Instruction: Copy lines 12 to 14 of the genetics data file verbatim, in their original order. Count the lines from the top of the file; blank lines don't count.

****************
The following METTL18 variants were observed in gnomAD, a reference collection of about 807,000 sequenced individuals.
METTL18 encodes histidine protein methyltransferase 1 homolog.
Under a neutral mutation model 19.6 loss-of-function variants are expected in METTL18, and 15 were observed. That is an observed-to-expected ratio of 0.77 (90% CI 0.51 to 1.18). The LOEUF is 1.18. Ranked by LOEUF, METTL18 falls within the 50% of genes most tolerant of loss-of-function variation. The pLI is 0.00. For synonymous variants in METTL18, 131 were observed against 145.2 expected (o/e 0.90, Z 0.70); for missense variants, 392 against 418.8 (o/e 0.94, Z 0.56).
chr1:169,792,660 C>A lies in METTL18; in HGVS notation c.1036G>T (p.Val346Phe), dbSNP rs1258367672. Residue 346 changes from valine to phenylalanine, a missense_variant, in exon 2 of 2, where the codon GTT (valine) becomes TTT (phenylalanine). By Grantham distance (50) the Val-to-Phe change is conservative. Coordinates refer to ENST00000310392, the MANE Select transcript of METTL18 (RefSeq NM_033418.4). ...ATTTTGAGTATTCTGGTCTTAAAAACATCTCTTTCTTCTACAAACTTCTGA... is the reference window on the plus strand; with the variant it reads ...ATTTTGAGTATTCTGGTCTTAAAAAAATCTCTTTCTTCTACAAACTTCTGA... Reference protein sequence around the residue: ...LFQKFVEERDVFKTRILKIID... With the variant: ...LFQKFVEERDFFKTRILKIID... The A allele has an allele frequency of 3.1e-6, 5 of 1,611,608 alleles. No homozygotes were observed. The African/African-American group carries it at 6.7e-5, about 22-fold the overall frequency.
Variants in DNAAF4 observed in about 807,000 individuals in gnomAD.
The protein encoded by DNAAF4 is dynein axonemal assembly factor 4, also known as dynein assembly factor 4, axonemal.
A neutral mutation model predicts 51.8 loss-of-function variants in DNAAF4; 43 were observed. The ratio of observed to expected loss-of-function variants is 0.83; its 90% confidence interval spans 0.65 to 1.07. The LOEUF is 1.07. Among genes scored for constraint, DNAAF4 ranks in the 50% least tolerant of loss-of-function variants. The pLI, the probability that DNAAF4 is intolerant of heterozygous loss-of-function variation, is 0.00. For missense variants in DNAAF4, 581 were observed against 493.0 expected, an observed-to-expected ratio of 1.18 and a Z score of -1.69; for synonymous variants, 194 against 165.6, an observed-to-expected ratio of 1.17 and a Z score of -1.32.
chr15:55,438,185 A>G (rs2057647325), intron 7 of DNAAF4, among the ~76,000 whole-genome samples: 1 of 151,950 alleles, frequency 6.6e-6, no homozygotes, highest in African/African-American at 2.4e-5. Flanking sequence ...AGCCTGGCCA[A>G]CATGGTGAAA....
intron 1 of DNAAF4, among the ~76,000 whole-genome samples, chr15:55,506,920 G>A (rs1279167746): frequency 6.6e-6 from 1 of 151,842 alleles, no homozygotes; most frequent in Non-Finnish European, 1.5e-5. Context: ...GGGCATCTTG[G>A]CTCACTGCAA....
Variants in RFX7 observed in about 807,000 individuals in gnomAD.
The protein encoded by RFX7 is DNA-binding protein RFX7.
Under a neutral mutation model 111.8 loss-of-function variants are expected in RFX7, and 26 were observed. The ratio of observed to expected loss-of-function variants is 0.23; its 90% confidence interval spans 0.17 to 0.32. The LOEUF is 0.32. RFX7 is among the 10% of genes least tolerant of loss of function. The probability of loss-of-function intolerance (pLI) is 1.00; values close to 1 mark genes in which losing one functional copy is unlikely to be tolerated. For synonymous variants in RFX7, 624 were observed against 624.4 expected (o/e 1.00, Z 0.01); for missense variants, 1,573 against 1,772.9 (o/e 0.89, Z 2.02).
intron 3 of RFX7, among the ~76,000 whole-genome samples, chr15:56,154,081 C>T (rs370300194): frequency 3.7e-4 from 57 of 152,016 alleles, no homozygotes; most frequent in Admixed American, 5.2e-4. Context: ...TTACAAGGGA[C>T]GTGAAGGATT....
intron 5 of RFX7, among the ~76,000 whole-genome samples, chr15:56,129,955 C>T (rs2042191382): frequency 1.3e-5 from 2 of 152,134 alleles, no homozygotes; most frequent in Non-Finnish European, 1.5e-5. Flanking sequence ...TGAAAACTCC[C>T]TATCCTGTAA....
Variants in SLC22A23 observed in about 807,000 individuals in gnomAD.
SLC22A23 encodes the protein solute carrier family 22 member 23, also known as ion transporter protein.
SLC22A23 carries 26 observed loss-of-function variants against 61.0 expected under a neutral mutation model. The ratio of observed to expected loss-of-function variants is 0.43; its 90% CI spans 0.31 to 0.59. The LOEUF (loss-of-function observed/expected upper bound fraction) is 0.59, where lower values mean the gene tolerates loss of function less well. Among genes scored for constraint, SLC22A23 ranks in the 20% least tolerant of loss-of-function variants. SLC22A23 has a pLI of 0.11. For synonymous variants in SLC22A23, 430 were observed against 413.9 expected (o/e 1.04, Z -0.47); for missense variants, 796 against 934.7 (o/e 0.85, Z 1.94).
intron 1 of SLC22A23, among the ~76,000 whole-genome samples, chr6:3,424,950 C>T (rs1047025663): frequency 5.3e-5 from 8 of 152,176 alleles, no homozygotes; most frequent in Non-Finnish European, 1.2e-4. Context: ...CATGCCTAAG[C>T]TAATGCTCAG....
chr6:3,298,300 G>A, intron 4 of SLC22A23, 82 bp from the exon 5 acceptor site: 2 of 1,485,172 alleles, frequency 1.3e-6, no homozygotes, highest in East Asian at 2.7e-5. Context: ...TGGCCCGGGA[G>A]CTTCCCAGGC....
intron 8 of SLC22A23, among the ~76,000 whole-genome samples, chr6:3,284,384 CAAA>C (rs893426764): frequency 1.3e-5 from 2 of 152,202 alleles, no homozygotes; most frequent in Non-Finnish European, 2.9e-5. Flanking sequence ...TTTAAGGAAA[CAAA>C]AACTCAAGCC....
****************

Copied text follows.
Under a neutral mutation model 111.8 loss-of-function variants are expected in RFX7, and 26 were observed. The ratio of observed to expected loss-of-function variants is 0.23; its 90% confidence interval spans 0.17 to 0.32. The LOEUF is 0.32. RFX7 is among the 10% of genes least tolerant of loss of function. The probability of loss-of-function intolerance (pLI) is 1.00; values close to 1 mark genes in which losing one functional copy is unlikely to be tolerated. For synonymous variants in RFX7, 624 were observed against 624.4 expected (o/e 1.00, Z 0.01); for missense variants, 1,573 against 1,772.9 (o/e 0.89, Z 2.02).
intron 3 of RFX7, among the ~76,000 whole-genome samples, chr15:56,154,081 C>T (rs370300194): frequency 3.7e-4 from 57 of 152,016 alleles, no homozygotes; most frequent in Admixed American, 5.2e-4. Context: ...TTACAAGGGA[C>T]GTGAAGGATT....
intron 5 of RFX7, among the ~76,000 whole-genome samples, chr15:56,129,955 C>T (rs2042191382): frequency 1.3e-5 from 2 of 152,134 alleles, no homozygotes; most frequent in Non-Finnish European, 1.5e-5. Flanking sequence ...TGAAAACTCC[C>T]TATCCTGTAA....